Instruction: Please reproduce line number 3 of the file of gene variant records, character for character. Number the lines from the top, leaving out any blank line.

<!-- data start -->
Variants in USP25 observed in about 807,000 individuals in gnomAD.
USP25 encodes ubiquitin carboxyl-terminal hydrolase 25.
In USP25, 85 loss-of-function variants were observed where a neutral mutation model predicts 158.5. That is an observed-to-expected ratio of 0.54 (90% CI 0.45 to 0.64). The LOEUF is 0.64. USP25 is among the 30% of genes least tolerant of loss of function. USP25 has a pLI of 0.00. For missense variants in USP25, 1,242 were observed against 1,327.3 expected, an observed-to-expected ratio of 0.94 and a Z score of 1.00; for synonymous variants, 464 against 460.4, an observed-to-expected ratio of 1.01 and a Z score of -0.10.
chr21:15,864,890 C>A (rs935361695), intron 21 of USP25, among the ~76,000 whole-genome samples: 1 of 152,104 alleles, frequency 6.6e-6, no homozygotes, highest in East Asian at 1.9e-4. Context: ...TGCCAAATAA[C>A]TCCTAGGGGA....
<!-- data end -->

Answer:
In USP25, 85 loss-of-function variants were observed where a neutral mutation model predicts 158.5. That is an observed-to-expected ratio of 0.54 (90% CI 0.45 to 0.64). The LOEUF is 0.64. USP25 is among the 30% of genes least tolerant of loss of function. USP25 has a pLI of 0.00. For missense variants in USP25, 1,242 were observed against 1,327.3 expected, an observed-to-expected ratio of 0.94 and a Z score of 1.00; for synonymous variants, 464 against 460.4, an observed-to-expected ratio of 1.01 and a Z score of -0.10.